Building The Perfect iOS Map (I): Synchronising a Map and a List - Digital Leaves
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Building The Perfect iOS Map (I): Synchronising a Map and a List

A very common pattern in mobile applications is the kind of app where the data model involves a series of POI (points of interest) in a physical location. In this kind of scenario, the UI/UX involves having a map with those POI represented as pins alongside a list displaying the currently visible points. This map-list combination usually implies adjusting the list of POIs shown in the list dynamically as the user navigates through the map, by zooming in/out or swiping in any direction.

mini1476307456Many well-known apps like AirBnB and Idealista use this technique. In this tutorial, we are going to show how to build this kind of interface. We will be building an application that shows the museums of the USA in a main screen consisting of a map in the upper half and a list (UITableView) of the currently visible museums at the bottom, like the one depicted in the picture.

Our POIs will be a list of museums from the US, expressed in a comma-separated CSV. For the pins, we will use some custom pins found here. We will not discuss the user location in this tutorial, so we will be faking it to a fixed, hardcoded coordinate.

You can follow along the tutorial, or you can download the code right away from my Github repository.

Building the user interface

mini1476308739First we will build the user interface. We will set a MKMapView at the top, pinned to the top, left and right edges, and set a height equal to half the height of its superview. We will also add a UITableView at the bottom, pinned to the MKMapView at the top and to the bottom, left and right edges of the superview.

We will add one cell to the UITableView with the common title-subtitle style, so we can easily set the title to the name of the museum and the subtitle to the coordinate.

We will also set the MKMapView delegate and UITableView delegate and datasource to the ViewController, and will set the outlets in place for both controls.

Defining the POIs and data structures

We will create a PointOfInterest class as the main data structure of our model, with a name for the museum and the coordinate:

The “==” method defined for PointOfInterest will be useful later to look for annotations in the map with a given point of interest. We will get the data for the different POIs from a csv file with the following format:

The init?(csvLine: String) method will read a line of that file and generate a PointOfInterest. Our ViewController will have an array of points of interest, and we will read the values in viewWillAppear. Then we will center the map in a simulated fake user location and will display the annotation pins for that POIs.

The loadPointsOfInterest() method will just read the csv file line by line and create the different points of interest, adding them to the “poi” array:

centerMapInInitialCoordinates() just centers the map in a simulated user location, setting the visible map region to 100km. In a real application scenario, you will need to get the location of the user via CLLocationManager.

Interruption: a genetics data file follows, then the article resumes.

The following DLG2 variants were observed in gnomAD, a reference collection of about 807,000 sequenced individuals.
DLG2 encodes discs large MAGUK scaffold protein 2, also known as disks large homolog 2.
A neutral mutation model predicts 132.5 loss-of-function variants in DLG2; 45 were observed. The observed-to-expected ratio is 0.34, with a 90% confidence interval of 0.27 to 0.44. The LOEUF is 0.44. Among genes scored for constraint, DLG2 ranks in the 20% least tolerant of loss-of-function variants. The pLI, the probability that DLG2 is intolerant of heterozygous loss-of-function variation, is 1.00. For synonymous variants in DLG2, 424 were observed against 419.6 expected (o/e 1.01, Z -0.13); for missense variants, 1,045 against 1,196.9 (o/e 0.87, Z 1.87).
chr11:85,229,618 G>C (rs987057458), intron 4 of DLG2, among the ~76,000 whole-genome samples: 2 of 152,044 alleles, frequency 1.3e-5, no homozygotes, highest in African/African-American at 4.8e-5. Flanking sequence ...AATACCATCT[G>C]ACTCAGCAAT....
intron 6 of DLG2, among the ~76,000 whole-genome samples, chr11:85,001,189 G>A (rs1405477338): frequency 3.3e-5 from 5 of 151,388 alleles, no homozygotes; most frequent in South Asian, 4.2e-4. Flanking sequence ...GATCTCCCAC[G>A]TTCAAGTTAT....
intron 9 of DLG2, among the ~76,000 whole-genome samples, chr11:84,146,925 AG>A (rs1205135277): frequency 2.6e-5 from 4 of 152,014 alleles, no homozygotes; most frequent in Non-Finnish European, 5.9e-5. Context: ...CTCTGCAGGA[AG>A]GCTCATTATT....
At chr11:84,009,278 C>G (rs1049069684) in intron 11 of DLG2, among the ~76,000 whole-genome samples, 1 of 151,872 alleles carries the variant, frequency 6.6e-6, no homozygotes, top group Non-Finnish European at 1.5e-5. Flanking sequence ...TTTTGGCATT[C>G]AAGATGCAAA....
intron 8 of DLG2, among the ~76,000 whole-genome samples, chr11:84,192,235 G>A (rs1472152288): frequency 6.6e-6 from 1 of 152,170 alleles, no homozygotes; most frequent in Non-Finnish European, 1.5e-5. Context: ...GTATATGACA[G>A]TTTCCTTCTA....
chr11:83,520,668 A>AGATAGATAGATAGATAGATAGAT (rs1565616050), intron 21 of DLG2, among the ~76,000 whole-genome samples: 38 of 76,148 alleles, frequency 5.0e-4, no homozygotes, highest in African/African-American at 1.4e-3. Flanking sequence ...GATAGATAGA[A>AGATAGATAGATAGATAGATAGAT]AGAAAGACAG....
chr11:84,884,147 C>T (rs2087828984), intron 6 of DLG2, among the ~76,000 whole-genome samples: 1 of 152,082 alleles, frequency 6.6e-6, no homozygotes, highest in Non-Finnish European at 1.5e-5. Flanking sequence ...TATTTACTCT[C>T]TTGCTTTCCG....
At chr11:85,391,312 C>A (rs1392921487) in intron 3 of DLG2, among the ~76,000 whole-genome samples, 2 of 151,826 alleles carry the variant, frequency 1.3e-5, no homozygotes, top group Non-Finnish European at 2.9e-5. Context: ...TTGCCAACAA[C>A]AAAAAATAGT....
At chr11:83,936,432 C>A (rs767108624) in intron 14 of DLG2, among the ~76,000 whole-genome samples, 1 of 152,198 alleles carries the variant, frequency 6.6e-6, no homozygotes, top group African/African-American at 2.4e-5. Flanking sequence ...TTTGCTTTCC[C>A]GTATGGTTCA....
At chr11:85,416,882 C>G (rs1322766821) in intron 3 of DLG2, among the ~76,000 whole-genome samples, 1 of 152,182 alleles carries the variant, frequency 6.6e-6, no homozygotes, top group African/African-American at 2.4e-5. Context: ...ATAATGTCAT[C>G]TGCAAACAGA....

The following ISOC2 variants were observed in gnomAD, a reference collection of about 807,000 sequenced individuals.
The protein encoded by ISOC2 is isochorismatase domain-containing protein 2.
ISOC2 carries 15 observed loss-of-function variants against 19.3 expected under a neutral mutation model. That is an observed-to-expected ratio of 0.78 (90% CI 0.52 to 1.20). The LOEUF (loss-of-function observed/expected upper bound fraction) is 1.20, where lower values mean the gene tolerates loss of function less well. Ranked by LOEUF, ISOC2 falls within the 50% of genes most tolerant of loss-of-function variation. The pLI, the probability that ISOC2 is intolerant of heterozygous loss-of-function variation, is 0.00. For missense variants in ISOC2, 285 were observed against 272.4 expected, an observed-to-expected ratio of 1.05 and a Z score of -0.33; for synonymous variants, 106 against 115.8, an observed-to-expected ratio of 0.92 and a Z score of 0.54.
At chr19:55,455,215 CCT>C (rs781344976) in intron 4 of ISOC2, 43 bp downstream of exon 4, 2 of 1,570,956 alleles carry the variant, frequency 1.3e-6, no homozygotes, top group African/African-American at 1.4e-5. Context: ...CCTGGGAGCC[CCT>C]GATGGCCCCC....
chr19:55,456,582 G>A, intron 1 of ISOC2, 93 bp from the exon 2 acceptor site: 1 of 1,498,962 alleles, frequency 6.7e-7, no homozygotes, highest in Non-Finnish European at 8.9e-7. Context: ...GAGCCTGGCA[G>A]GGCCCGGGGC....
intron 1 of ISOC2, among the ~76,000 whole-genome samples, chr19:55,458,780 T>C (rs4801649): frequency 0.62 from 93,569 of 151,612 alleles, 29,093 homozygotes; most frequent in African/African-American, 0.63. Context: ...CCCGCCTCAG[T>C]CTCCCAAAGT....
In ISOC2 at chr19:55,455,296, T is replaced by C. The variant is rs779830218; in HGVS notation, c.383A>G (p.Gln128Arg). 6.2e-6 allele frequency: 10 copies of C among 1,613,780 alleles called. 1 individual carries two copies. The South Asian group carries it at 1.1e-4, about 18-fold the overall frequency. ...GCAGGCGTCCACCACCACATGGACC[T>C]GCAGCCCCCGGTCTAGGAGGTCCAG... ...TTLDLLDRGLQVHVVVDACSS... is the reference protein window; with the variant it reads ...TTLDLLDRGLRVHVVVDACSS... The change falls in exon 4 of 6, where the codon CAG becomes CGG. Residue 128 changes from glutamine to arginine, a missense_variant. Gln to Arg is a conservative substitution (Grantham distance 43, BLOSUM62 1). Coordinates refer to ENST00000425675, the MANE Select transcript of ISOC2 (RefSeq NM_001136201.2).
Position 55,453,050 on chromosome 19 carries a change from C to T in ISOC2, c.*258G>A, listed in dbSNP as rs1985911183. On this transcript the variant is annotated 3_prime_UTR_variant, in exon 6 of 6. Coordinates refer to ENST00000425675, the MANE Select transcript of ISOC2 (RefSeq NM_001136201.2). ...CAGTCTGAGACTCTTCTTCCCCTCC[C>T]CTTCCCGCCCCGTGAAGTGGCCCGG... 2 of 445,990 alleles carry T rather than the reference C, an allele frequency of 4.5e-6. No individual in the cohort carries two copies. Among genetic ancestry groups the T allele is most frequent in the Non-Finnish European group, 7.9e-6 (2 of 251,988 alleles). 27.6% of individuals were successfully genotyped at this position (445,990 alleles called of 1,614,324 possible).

For showing the points of interest in a map, we will need to define a custom class that adheres to the MKAnnotation protocol, containing the point of interest. We will call our class POIAnnotation:

Then, we will just implement showPointsOfInterestInMap() by removing all current annotations in the map and adding an array of annotations with the current POIs:

For the list, we will just implement the numberOfRowsInSection and cellForRowAtIndexPath methods.

Up until this point, this is very basic stuff. Now we will make sure that selecting a POI in the UITableView brings us to the pin location at the map. In order to do that, we will create a method called selectPinPointInTheMap(annotation) and make sure to call it when selecting a row in tableView:didSelectRowAtIndexPath. Remember how we defined a “==” method for PointOfInterest? We will use it now to find the right annotation to select in the map, by getting the POI from the selected cell, and then iterate through all the iterations looking for an annotation whose PointOfInterest is equal to the one selected:

If we run the App now, it will show us all the list of POI, and if we click on any item of the list, the map will center on that POI and the MKAnnotationView will appear. Hooray!

Now let’s add the functionality to filter down the list to the points of interest currently shown in the map. We will do this by implementing the MKMapViewDelegate method mapView:regionDidChangeAnimated:. This method is invoked each time the visible region in the map changes, due to a zoom in/out pinch gesture or a swipe. This is exactly what we need. We will also need a variable to store the points that are currently visible in the map, called visiblePOI. We’ll make sure to update visiblePOI whenever a change in the poi origin array happens.

Then, we will create a new method called filterVisiblePOI and call it whenever the mapView:regionDidChangeAnimated: occurs.

Now, all we need to do is make sure that a change in poi will trigger an update in visiblePOI by means of the didSet event in the poi array, and we will modify all UITableViewDelegate/DataSource methods to make sure they get the information from visiblePOI instead of poi.

ezgif-com-optimizeWe will also add a call to filterVisiblePOI() in viewDidAppear, to make sure that we will start with the currently visible pins displayed in the list, not all of them.

And that’s it! The result is a nice interaction between the map and the list of POI. As always, you can download the full project in my github repository.




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